After walking straight uphill for twenty minutes, Isobel was ready to give up. The moon glowed fat and orange for the harvest, as if to help light her steps in dark of night, but she wouldn’t be able to keep the pace much longer.

As fear began to seep in with the autumn chill, a light flickered to life up ahead. She walked until she reached a clearing where the flames of a fire licked the sky. Distracted by curiosity, she forgot about the priest until he grabbed her and cupped her mouth, muffling her screams.

“I’ve got her.” He said calmly, as he dragged Isobel kicking and screaming towards the fire. “Thought she was so sneaky. Think you could catch us in the act, did you little bird?”

Isobel’s eyes rolled like a feral horse as she searched for help, praying he wasn’t corrupt enough to hurt a young girl. As naked as a babe, the woman stood waiting for him in front of the flames that blazed twice her height. Isobel bit the priest’s hand and stomped his foot, forcing him to release her. He cursed the Lord’s name in vain.

“Leave her be,” the woman said in a flat tone, “she’ll learn the ways soon enough.”

The heat reflected in his eyes as he moved toward the woman, and his hands fumbled with buttons. Isobel flushed as he his mouth kissed all over the woman’s body. She turned away.

At first she thought it was a trick of the shadows, but soon it was clear they were not alone. Dozens of women stepped from the trees that circled the couple. Each was dressed in a long cloak that hid their face, but did nothing to cover the swell of their body, ripe with the fruit of womb.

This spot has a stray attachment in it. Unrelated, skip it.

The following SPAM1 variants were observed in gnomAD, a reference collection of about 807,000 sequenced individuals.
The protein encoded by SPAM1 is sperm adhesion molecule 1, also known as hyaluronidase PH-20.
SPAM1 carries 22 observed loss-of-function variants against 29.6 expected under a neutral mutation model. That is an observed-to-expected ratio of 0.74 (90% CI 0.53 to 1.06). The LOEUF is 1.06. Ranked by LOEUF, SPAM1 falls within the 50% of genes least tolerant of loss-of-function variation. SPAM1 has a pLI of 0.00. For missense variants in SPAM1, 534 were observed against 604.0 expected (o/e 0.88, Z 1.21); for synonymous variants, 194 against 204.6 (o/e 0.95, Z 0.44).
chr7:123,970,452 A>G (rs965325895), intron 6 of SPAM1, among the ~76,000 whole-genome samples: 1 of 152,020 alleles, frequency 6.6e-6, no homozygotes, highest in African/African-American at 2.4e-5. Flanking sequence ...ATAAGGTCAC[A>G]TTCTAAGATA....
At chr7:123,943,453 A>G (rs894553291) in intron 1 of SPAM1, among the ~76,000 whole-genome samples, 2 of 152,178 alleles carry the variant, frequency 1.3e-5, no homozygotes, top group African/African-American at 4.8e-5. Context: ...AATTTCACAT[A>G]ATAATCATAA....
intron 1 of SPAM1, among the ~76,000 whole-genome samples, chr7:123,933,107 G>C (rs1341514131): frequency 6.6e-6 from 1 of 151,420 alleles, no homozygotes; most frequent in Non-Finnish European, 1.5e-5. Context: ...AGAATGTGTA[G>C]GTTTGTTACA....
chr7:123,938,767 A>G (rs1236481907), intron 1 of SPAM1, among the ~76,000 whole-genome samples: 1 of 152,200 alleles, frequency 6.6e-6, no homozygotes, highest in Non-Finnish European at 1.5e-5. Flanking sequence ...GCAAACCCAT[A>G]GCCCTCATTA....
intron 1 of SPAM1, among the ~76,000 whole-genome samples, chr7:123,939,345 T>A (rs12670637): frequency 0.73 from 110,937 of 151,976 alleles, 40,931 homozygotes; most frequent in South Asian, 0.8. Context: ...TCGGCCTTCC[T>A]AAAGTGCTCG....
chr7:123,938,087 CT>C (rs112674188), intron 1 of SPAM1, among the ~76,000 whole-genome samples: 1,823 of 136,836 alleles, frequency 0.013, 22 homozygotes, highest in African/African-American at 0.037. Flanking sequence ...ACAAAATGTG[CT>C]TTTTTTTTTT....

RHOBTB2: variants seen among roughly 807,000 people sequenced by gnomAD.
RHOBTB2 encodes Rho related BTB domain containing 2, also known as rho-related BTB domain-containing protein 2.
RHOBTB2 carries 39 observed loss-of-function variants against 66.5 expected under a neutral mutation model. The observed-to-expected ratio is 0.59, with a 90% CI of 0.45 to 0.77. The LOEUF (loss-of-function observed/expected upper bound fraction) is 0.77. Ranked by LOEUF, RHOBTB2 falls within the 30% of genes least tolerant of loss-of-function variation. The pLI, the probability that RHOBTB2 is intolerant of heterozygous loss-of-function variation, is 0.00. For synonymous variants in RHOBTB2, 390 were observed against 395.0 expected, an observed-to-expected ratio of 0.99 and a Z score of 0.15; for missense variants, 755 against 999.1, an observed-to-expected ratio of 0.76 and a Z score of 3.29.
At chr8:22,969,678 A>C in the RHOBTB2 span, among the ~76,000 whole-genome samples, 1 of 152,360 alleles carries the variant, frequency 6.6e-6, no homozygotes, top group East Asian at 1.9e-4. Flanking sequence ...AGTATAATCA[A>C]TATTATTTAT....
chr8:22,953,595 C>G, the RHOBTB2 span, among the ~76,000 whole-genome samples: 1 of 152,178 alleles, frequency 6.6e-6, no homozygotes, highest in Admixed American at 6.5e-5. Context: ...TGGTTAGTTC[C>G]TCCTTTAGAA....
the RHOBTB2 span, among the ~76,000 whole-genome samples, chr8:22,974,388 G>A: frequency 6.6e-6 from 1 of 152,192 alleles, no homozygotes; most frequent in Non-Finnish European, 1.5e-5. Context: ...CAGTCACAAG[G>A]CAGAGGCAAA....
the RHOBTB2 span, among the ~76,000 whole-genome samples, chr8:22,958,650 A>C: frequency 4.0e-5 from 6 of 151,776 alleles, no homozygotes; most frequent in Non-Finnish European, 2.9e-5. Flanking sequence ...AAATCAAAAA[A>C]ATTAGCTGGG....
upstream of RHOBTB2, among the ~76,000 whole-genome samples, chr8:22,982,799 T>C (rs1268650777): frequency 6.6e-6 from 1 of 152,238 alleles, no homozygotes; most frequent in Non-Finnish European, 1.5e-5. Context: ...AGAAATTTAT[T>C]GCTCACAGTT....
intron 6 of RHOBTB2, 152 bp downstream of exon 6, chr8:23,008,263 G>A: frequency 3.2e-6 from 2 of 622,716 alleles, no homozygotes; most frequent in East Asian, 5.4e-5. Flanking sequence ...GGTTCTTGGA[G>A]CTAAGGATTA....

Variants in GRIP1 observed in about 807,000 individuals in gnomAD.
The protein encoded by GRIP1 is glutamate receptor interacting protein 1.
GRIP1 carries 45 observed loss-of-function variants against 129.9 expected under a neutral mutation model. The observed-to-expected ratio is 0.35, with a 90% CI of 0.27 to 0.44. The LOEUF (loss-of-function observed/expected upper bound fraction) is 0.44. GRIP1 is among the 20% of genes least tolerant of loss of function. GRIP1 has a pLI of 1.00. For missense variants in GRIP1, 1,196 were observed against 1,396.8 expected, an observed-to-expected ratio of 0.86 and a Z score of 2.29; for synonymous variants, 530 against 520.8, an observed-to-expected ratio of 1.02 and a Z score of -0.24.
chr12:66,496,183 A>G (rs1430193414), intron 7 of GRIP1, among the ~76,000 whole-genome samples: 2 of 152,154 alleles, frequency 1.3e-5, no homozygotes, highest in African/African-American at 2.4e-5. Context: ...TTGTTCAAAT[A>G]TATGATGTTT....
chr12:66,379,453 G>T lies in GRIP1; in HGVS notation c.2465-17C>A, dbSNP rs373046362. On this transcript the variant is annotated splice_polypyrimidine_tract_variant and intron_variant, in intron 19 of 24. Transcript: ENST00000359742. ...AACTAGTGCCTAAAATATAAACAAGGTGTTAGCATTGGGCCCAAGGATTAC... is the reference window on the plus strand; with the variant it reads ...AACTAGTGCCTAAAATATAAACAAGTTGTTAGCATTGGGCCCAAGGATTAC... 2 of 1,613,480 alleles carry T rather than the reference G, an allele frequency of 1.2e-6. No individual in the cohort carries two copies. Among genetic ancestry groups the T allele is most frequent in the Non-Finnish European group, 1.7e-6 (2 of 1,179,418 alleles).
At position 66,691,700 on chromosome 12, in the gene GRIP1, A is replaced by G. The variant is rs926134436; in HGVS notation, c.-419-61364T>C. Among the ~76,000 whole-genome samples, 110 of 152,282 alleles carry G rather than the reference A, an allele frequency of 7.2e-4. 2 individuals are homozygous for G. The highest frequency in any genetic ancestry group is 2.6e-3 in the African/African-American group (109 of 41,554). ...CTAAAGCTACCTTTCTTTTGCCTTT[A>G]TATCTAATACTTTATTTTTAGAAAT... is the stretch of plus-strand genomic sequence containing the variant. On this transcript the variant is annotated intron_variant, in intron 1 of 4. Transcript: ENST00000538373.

Isobel returned her attention to the lovers, wondering if she should warn them, but there was no need. The beautiful woman was fully aware of the company. She grabbed a handful of the man’s hair as he knelt in front of her, and pulled his head back, forcing him to look into her eyes.

“Your time here has come to an end. You have served your purpose, and our town will continue to prosper.” The woman held an arm out to gesture to the surrounding crowd. “We thank you for your sacrifice.”

A knife Isobel had not seen was brandished, and in one swift movement, drawn across his neck. His body crumpled forward and twisted so his face was directed at Isobel. 

The blood pulsed out from the garish wound, soaking the earth. Isobel stared into eyes frozen wide with shock.

A smile spread across her face, as all the women cried out to the night. The men never did last long in their town.  

Happy All Hallow's Eve Eve!

Okay so I haven’t even posted since I mentioned submitting my story, which boggles my mind. And also this week is November! Well it’s been so long that the results came out today and I got another Honorable Mention! (http://www.writersweekly.com/contest/fall13winners.html) I told myself that I had to do at least as good as last time, and I did so that’s good. I just know that I could have tried a little harder. But, just like when I was in school, I have a way of talking myself out of editing because I am convinced it’s going to be filtered too fine and lose what makes it me. That’s rubbish. Revise, revise, revise. So next writing contest I am going to take my time instead of writing it and tossing it out there like a hot potato. In other news, I will not be blogging again most likely until December. As you know November is NaNoWriMo and I take it very seriously (for a MS nobody will ever read). Although, I did just read a "pep talk" by one of my favorite authors Rainbow Rowell and she said her novel Fangirl (that I literally just finished this week) was her 2011 NaNoWriMo novel. She talked about never leaving the bubble of your writing – I get that.  So that gives me hope. Gathered, she had two novels published at that point, but details.